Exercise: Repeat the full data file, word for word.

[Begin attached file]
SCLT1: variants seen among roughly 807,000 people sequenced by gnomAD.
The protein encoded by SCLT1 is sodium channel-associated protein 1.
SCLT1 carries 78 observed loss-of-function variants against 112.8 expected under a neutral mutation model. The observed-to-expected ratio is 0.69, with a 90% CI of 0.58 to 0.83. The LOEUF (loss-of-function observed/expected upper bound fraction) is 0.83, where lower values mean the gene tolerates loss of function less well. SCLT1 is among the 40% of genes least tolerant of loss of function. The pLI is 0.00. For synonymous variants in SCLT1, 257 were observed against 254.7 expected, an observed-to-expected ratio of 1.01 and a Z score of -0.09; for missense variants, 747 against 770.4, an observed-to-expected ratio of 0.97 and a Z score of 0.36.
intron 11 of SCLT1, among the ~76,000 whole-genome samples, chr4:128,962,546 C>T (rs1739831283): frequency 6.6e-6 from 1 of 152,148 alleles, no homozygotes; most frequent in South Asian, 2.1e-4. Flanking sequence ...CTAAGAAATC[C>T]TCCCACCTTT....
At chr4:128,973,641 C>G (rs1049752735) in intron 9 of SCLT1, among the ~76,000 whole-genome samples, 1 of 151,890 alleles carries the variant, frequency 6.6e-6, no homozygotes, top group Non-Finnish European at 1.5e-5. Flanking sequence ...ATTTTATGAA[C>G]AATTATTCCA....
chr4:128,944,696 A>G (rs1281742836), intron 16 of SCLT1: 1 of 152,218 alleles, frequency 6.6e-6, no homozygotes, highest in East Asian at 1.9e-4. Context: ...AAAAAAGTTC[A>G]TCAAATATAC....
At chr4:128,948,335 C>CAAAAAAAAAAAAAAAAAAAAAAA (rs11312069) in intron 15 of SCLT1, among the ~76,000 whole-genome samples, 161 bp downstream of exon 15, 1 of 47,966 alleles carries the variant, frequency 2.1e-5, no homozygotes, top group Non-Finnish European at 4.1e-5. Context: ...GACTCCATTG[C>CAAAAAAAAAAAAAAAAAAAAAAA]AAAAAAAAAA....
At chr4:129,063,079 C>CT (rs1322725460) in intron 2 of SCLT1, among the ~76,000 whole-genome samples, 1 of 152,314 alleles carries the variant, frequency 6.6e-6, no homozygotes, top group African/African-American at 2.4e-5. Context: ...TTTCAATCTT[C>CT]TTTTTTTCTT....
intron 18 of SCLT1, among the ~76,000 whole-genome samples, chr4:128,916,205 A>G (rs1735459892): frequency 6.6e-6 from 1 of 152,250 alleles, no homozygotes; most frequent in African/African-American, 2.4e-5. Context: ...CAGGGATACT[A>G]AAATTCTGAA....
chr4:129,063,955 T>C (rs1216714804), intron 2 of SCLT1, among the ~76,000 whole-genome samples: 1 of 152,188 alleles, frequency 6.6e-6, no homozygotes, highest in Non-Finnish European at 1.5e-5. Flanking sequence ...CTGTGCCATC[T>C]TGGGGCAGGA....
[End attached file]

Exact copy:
SCLT1: variants seen among roughly 807,000 people sequenced by gnomAD.
The protein encoded by SCLT1 is sodium channel-associated protein 1.
SCLT1 carries 78 observed loss-of-function variants against 112.8 expected under a neutral mutation model. The observed-to-expected ratio is 0.69, with a 90% CI of 0.58 to 0.83. The LOEUF (loss-of-function observed/expected upper bound fraction) is 0.83, where lower values mean the gene tolerates loss of function less well. SCLT1 is among the 40% of genes least tolerant of loss of function. The pLI is 0.00. For synonymous variants in SCLT1, 257 were observed against 254.7 expected, an observed-to-expected ratio of 1.01 and a Z score of -0.09; for missense variants, 747 against 770.4, an observed-to-expected ratio of 0.97 and a Z score of 0.36.
intron 11 of SCLT1, among the ~76,000 whole-genome samples, chr4:128,962,546 C>T (rs1739831283): frequency 6.6e-6 from 1 of 152,148 alleles, no homozygotes; most frequent in South Asian, 2.1e-4. Flanking sequence ...CTAAGAAATC[C>T]TCCCACCTTT....
At chr4:128,973,641 C>G (rs1049752735) in intron 9 of SCLT1, among the ~76,000 whole-genome samples, 1 of 151,890 alleles carries the variant, frequency 6.6e-6, no homozygotes, top group Non-Finnish European at 1.5e-5. Flanking sequence ...ATTTTATGAA[C>G]AATTATTCCA....
chr4:128,944,696 A>G (rs1281742836), intron 16 of SCLT1: 1 of 152,218 alleles, frequency 6.6e-6, no homozygotes, highest in East Asian at 1.9e-4. Context: ...AAAAAAGTTC[A>G]TCAAATATAC....
At chr4:128,948,335 C>CAAAAAAAAAAAAAAAAAAAAAAA (rs11312069) in intron 15 of SCLT1, among the ~76,000 whole-genome samples, 161 bp downstream of exon 15, 1 of 47,966 alleles carries the variant, frequency 2.1e-5, no homozygotes, top group Non-Finnish European at 4.1e-5. Context: ...GACTCCATTG[C>CAAAAAAAAAAAAAAAAAAAAAAA]AAAAAAAAAA....
At chr4:129,063,079 C>CT (rs1322725460) in intron 2 of SCLT1, among the ~76,000 whole-genome samples, 1 of 152,314 alleles carries the variant, frequency 6.6e-6, no homozygotes, top group African/African-American at 2.4e-5. Context: ...TTTCAATCTT[C>CT]TTTTTTTCTT....
intron 18 of SCLT1, among the ~76,000 whole-genome samples, chr4:128,916,205 A>G (rs1735459892): frequency 6.6e-6 from 1 of 152,250 alleles, no homozygotes; most frequent in African/African-American, 2.4e-5. Context: ...CAGGGATACT[A>G]AAATTCTGAA....
chr4:129,063,955 T>C (rs1216714804), intron 2 of SCLT1, among the ~76,000 whole-genome samples: 1 of 152,188 alleles, frequency 6.6e-6, no homozygotes, highest in Non-Finnish European at 1.5e-5. Flanking sequence ...CTGTGCCATC[T>C]TGGGGCAGGA....